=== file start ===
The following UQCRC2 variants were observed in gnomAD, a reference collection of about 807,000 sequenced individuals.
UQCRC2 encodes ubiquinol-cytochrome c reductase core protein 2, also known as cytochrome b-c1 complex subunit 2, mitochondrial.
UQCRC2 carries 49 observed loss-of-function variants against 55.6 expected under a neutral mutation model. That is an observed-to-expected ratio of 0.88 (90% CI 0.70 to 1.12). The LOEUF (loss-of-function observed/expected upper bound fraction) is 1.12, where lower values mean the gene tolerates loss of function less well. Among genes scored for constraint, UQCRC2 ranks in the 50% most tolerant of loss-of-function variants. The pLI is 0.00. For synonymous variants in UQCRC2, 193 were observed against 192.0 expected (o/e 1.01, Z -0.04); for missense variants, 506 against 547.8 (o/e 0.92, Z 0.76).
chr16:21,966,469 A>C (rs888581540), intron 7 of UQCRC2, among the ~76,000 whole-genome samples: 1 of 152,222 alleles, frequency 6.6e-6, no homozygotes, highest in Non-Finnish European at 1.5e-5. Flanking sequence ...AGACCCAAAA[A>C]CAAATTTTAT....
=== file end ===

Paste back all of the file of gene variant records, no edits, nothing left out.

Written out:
The following UQCRC2 variants were observed in gnomAD, a reference collection of about 807,000 sequenced individuals.
UQCRC2 encodes ubiquinol-cytochrome c reductase core protein 2, also known as cytochrome b-c1 complex subunit 2, mitochondrial.
UQCRC2 carries 49 observed loss-of-function variants against 55.6 expected under a neutral mutation model. That is an observed-to-expected ratio of 0.88 (90% CI 0.70 to 1.12). The LOEUF (loss-of-function observed/expected upper bound fraction) is 1.12, where lower values mean the gene tolerates loss of function less well. Among genes scored for constraint, UQCRC2 ranks in the 50% most tolerant of loss-of-function variants. The pLI is 0.00. For synonymous variants in UQCRC2, 193 were observed against 192.0 expected (o/e 1.01, Z -0.04); for missense variants, 506 against 547.8 (o/e 0.92, Z 0.76).
chr16:21,966,469 A>C (rs888581540), intron 7 of UQCRC2, among the ~76,000 whole-genome samples: 1 of 152,222 alleles, frequency 6.6e-6, no homozygotes, highest in Non-Finnish European at 1.5e-5. Flanking sequence ...AGACCCAAAA[A>C]CAAATTTTAT....